Portable "coal-fired" propane fire pit heats camp like a wood blaze
When you're venturing out into the unknown, sometimes burning or firewood-collection bans can douse your end-of-the-day base camp fire before you even spark it. Carrying a portable propane fire pit is a good way to hedge your bets, or avoid the hassles of wood fire all together, but while such fire pits have the fiery ambiance down, they often come up short in other areas – most notably, heat. Colorado's Howl Campfires looks to build a better mousetrap with a burly, heirloom-grade 61,800-BTU portable fire that spits furious 1,200 °F (650 °C) heat out of radiant tubes to provide robust wood-fire levels of warmth.
Like so many other new creations in the camping and RVing market, the Howl R4 fire pit came about from real-world trial and tribulation. Some of Howl's founding team members found themselves shivering under the big desert sky on a particularly frigid November camping trip in Utah. The propane fire pit they picked up en route specifically to fend off the imminent cold spell served as little more than a bright, bouncing light on which to focus as they paced and danced in place to keep warm. They determined then and there to find a better way.
Following the trip, a little thought and research brought the Howl folks to the conclusion that the flames of an average propane fire merely create literal hot air, which rises straight up and dissipates into the nighttime ether. That's fine for heating up a grill or griddle directly above a propane burner, but not so good for heating people gathered around in a circle ... unless they all want crouch over top the thing like they're in a football huddle on 4th and 8, OT.
So Howl got down to fire basics in order to build a fire pit back up in a different way it believes rivals any wood fire in cranking out chatter-silencing heat. It looked at the reason wood fires deliver superior warmth, finding the difference in the presence of the glowing coals that line the bottom of the fire, emitting the omnidirectional thermal radiation that actually warms the body.
Many propane fire pit manufacturers offer rocks or inserts in an attempt to add heat, but Howl landed on something more dramatic. It calls the solution BarCoals, two inner tubes that house the combustion of propane mixed with air, heating up to a glowing 1,200 °F to emit the same frequency of radiation as a wood fire. Howl calls the R4 the first "naturally aspirated portable radiant tube heater" and says it will warm a crew of four people in any weather, at any altitude and on any piece of ground.
The R4's combustion also feeds what Howl calls the A-Flame burner, which releases flames upward through the top grate. This delivers the dancing glow and ambiance of fire so that the R4 is a proper outdoor fire pit, not merely an infrared heater. Howl says the burner plate is designed to efficiently drain off water, while a windscreen blocks winds up to 60 mph (96.5 km/h), ensuring the flame keeps flickering through rough weather.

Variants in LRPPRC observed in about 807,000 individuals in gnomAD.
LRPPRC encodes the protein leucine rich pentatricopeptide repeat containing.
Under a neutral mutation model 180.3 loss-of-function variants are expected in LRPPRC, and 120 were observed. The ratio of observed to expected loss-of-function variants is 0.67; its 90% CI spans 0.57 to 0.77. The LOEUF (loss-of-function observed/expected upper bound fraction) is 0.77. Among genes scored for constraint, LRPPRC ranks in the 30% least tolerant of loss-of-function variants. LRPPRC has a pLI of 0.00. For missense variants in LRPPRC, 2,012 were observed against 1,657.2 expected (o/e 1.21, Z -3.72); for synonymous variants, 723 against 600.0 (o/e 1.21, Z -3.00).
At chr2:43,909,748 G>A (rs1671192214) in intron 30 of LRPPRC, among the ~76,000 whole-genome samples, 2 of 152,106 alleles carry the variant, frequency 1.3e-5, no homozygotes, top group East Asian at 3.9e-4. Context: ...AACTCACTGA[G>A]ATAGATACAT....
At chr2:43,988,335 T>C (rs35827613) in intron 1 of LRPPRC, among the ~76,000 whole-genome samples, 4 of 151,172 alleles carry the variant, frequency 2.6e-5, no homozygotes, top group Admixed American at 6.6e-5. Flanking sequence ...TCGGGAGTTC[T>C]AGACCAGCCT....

To prevent the R4 base from heating the ground and potentially starting a fire with dry weeds, loose pine needles or other omnipresent tinder, Howl installs mirror-coated reflectors that direct the radiation outward, where it's wanted, keeping the ground below cool.
Since it was redesigning the portable propane fire pit from the ground up, Howl set about solving another problem by ditching the round shape that for some reason persists as the most common form of gas fire pits. The R4 isn't particularly compact or lightweight at 22 x 16 x 13 in (56 x 41 x 33 cm) and 34 lb (15.4 kg), but it is designed for much cleaner packing than a round disc or tub. Its legs are spaced to fit around a propane tank to minimize packing footprint and serve as a stabilizing base when strapped to the tank. The legs also include strap points for tying the whole thing down to the pickup bed or trunk floor. This makes the whole fire pit/tank package semi-rectangular for neater stowing next to coolers, cargo boxes, tables and camping stoves.
Howl says the R4 is "built for a lifetime, or maybe three." It manufactures the fire pits in Colorado, press-braking the main frame out of 304 stainless steel and using a mix of aluminum and brass components.
Nothing about the R4's design or build suggests "inexpensive," and at $1,299, it's several times more expensive than other portable propane fire pits, though you could spend comparably on the largest collapsible Firestorm. We suspect many of Howl's most serious customers will have had already gone through cheaper propane fire pits in a fruitless attempt to solve their heating problem for overlanding, winter adventuring or full-time RVing and won't mind spending for something that promises a superior design. And even if such buyers aren't swarming into hordes and breaking down the gates, it should be a-okay for a company focusing on building and releasing its product in small batches. The next drop is coming on October 26, and a $100 deposit secures a spot.
Source: Howl Campfires